Learning to live and let live
Most people must be familiar with the British series Goodness Gracious Me. I personally enjoyed it very much when it was first released, years ago.
In one episode, an Indian family in the UK was bemoaning their son’s choice of occupation. They had wanted him to be a musician in a rock band or something cool and hip. The son, looking guilty and sheepish, said “But what is wrong with being a doctor? That is what I want to be”….
It was an amusing and sarcastic take on parents who want to live vicariously through their children, and fulfill the desires and ambitions they themselves could not achieve.
These days the old sort of parental control is much less evident, although there is continual pressure, certainly in South Asia, on children to get top marks in school, and to excel at every activity in which they participate.
Children, not surprisingly, have minds of their own from an early age. I got a lesson in assertiveness from young teen-aged granddaughter yesterday. I told her I had always wanted to be a Professor in some brainy subject, and I hoped she might want to be a Professor too some day. I was impressed and oddly happy when she replied gravely “I cannot live your dream, I have dreams of my own.”
Although I was just indulging in frivolous chit chat with her, I realized afresh that our duty to our children and grandchildren is to allow them to grow and develop in their own way. We can give them a good education, help them channel their energies in the right direction, and encourage them to develop their unique skills and talents. They have their own dreams, which change as their minds grow and develop over the years. Whatever the nature of their aspirations they need to be able to have the chance to work toward them.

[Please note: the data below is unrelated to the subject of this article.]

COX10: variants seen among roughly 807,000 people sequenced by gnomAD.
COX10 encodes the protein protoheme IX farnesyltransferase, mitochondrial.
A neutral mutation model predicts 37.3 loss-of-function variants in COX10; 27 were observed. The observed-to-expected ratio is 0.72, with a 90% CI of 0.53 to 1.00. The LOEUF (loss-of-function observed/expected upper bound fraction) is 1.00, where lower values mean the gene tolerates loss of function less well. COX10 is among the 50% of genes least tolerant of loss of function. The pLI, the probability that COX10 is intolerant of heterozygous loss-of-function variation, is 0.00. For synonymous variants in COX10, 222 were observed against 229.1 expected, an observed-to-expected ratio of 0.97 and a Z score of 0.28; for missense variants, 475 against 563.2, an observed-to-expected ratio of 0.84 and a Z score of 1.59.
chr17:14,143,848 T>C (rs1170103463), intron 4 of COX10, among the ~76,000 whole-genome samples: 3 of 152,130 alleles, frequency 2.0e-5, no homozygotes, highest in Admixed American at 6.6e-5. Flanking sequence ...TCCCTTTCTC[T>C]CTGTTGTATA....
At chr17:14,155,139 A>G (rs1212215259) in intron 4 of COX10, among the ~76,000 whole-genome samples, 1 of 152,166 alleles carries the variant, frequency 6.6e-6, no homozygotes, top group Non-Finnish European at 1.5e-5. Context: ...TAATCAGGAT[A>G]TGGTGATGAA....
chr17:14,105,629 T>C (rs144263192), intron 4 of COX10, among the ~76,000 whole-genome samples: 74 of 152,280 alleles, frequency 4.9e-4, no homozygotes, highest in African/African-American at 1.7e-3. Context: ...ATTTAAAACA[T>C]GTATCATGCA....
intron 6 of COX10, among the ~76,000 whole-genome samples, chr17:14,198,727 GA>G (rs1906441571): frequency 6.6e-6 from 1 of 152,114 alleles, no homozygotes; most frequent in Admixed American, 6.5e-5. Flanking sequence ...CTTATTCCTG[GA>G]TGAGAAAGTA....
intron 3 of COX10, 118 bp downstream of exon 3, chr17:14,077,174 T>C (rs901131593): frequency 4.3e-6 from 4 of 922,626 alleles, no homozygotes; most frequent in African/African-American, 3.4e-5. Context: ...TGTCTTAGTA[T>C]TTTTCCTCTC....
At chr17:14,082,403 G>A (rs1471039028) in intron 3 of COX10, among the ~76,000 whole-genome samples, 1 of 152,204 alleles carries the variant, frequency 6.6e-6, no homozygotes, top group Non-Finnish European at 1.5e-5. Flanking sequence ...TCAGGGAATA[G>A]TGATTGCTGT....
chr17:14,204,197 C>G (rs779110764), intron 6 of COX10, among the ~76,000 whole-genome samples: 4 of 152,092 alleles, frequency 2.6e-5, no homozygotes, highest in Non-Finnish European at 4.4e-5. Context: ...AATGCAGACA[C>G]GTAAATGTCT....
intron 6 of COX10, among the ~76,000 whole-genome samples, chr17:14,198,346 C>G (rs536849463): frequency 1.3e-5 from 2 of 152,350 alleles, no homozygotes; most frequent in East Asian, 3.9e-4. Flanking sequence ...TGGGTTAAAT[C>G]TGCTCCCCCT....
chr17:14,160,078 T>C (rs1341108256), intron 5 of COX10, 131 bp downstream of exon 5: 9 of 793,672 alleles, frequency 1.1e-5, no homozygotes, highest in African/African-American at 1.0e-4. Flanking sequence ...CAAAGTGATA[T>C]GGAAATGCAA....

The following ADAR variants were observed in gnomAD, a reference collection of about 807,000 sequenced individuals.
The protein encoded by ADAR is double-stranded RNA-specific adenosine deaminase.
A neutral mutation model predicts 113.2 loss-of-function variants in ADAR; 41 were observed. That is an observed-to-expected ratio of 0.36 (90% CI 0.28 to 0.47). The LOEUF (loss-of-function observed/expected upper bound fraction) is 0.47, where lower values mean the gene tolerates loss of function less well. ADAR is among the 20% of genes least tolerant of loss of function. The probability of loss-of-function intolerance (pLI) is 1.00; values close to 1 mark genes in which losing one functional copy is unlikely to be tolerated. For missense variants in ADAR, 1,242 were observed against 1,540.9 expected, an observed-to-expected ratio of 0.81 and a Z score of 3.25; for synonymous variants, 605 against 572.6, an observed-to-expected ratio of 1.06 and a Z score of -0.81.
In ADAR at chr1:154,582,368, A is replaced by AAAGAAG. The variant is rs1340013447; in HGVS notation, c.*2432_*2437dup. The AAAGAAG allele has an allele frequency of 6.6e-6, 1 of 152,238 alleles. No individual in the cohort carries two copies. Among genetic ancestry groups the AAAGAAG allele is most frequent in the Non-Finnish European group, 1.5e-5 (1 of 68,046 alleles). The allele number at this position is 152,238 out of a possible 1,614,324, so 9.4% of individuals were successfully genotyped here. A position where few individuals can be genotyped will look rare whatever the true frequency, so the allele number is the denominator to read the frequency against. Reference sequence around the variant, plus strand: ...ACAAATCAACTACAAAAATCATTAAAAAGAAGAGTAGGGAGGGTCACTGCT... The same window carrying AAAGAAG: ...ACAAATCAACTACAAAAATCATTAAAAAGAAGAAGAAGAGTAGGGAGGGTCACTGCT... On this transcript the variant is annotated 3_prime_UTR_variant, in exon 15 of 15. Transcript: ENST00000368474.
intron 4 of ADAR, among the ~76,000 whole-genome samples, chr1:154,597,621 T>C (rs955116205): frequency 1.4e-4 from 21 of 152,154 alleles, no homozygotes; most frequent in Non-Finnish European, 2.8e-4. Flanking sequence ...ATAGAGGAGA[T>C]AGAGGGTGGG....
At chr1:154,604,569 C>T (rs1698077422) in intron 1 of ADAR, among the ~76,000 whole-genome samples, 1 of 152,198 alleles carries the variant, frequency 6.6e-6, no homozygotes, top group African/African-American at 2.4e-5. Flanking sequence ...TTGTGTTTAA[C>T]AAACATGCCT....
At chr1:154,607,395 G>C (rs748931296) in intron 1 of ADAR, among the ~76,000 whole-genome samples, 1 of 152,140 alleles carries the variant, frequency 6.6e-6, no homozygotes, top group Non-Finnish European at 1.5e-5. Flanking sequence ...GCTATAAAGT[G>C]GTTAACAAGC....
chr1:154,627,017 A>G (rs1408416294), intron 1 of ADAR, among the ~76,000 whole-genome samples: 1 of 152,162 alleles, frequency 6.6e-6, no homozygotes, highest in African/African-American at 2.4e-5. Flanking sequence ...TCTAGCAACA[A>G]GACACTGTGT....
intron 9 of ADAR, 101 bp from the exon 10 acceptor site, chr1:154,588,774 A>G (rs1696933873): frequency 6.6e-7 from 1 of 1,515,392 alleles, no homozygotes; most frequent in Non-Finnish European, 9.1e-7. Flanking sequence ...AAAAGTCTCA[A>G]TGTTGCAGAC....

Seniors of a more conservative bent tend to forget that we have had our day. We had our chances, made our choices and lived with them. We cannot expect to re-live our lives through our children. They should be allowed to choose their own options and make their own mistakes, self- destructive behavior aside; they should be able marry whomsoever they choose, divorce if they need to, and do whatever they feel is right for them. Family and social pressures, and the need to conform, are pernicious, hurtful and alienating.
A remarkable example of what a supportive environment and loving parents can do is to observe the transformation that has taken place in the lives of the second and third generation children of families that migrated to the UK, US and elsewhere. These young people were fortunate in that they got the opportunity to accompany their parents abroad. These parents may have started life at the bottom of the social ladder, but today their children and grandchildren are at the very top of the same ladder.
During the many years that we spent abroad during my husband’s diplomatic career, it was remarkable how exceptionally well the children of the clerical staff as well as the children of drivers and peons did. Many of these same children are in top positions in the four corners of the world today, as corporate lawyers, investment bankers and business tycoons.
In the countless cases where the children of poor and middle class families have done exceptionally well, they have certainly been motivated by the sacrifices their parents made to ensure that their children would be able to get a better education and a better kind of life than they did.
Many young people especially in our country may be undiscovered because of a lack of educational opportunities. What this talented young generation needs is the opportunity and the appropriate support to cultivate their talents and apply their intellect successfully.
It is the very least that children from all walks of life deserve.
Nasrin Sobhan is a freelance writer